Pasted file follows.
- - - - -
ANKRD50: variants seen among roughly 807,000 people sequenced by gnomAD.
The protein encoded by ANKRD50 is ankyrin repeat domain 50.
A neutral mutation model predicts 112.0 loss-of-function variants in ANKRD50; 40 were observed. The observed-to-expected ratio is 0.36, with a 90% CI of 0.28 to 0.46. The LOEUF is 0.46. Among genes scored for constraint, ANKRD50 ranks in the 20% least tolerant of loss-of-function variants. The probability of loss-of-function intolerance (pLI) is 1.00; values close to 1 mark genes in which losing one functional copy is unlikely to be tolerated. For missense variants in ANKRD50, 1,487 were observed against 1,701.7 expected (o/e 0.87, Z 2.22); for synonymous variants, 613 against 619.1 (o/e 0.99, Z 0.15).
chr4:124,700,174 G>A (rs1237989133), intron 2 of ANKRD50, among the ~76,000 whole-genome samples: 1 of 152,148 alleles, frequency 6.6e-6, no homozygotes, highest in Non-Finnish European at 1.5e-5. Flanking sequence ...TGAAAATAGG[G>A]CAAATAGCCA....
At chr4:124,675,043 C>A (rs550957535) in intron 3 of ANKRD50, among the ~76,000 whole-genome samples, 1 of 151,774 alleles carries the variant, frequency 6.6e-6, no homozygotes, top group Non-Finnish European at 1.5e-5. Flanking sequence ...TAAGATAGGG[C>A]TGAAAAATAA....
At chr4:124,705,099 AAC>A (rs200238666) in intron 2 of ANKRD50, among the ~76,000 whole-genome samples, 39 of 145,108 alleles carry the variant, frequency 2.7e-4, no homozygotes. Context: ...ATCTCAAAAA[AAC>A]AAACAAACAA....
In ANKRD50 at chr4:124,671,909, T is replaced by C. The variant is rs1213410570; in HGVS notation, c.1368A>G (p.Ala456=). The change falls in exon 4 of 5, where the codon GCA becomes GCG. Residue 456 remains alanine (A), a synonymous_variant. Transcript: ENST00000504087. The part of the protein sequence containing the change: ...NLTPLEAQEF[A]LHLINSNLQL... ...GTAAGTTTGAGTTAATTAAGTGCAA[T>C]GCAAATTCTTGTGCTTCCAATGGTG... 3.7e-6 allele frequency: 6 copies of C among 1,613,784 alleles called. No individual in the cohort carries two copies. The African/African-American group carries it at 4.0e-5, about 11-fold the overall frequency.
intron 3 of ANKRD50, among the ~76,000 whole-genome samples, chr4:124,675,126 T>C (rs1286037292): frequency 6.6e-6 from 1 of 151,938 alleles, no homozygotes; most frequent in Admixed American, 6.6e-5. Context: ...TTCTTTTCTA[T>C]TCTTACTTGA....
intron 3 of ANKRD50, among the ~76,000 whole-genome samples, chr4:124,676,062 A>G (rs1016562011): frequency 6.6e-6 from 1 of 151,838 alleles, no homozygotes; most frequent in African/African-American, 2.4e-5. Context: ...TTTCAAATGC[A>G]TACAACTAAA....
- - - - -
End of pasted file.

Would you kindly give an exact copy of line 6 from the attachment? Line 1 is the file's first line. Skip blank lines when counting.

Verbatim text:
At chr4:124,705,099 AAC>A (rs200238666) in intron 2 of ANKRD50, among the ~76,000 whole-genome samples, 39 of 145,108 alleles carry the variant, frequency 2.7e-4, no homozygotes. Context: ...ATCTCAAAAA[AAC>A]AAACAAACAA....